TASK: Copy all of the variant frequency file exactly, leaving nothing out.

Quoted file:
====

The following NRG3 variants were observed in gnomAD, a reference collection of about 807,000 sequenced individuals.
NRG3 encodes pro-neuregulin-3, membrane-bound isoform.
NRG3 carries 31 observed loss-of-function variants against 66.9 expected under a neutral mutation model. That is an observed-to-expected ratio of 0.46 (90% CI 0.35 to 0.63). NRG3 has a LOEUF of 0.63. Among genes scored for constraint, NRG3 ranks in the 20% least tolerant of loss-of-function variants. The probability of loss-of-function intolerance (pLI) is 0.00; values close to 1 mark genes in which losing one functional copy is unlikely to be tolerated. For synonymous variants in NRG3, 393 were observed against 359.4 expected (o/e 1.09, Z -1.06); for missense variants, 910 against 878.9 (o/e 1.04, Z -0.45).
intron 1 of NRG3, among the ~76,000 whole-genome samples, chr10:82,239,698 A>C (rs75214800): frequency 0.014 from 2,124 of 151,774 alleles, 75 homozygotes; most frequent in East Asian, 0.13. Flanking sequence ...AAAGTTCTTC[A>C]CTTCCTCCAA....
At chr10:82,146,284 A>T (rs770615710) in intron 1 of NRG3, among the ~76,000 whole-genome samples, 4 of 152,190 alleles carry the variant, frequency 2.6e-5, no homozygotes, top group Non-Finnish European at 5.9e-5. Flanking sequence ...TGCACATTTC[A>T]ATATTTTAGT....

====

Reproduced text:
The following NRG3 variants were observed in gnomAD, a reference collection of about 807,000 sequenced individuals.
NRG3 encodes pro-neuregulin-3, membrane-bound isoform.
NRG3 carries 31 observed loss-of-function variants against 66.9 expected under a neutral mutation model. That is an observed-to-expected ratio of 0.46 (90% CI 0.35 to 0.63). NRG3 has a LOEUF of 0.63. Among genes scored for constraint, NRG3 ranks in the 20% least tolerant of loss-of-function variants. The probability of loss-of-function intolerance (pLI) is 0.00; values close to 1 mark genes in which losing one functional copy is unlikely to be tolerated. For synonymous variants in NRG3, 393 were observed against 359.4 expected (o/e 1.09, Z -1.06); for missense variants, 910 against 878.9 (o/e 1.04, Z -0.45).
intron 1 of NRG3, among the ~76,000 whole-genome samples, chr10:82,239,698 A>C (rs75214800): frequency 0.014 from 2,124 of 151,774 alleles, 75 homozygotes; most frequent in East Asian, 0.13. Flanking sequence ...AAAGTTCTTC[A>C]CTTCCTCCAA....
At chr10:82,146,284 A>T (rs770615710) in intron 1 of NRG3, among the ~76,000 whole-genome samples, 4 of 152,190 alleles carry the variant, frequency 2.6e-5, no homozygotes, top group Non-Finnish European at 5.9e-5. Flanking sequence ...TGCACATTTC[A>T]ATATTTTAGT....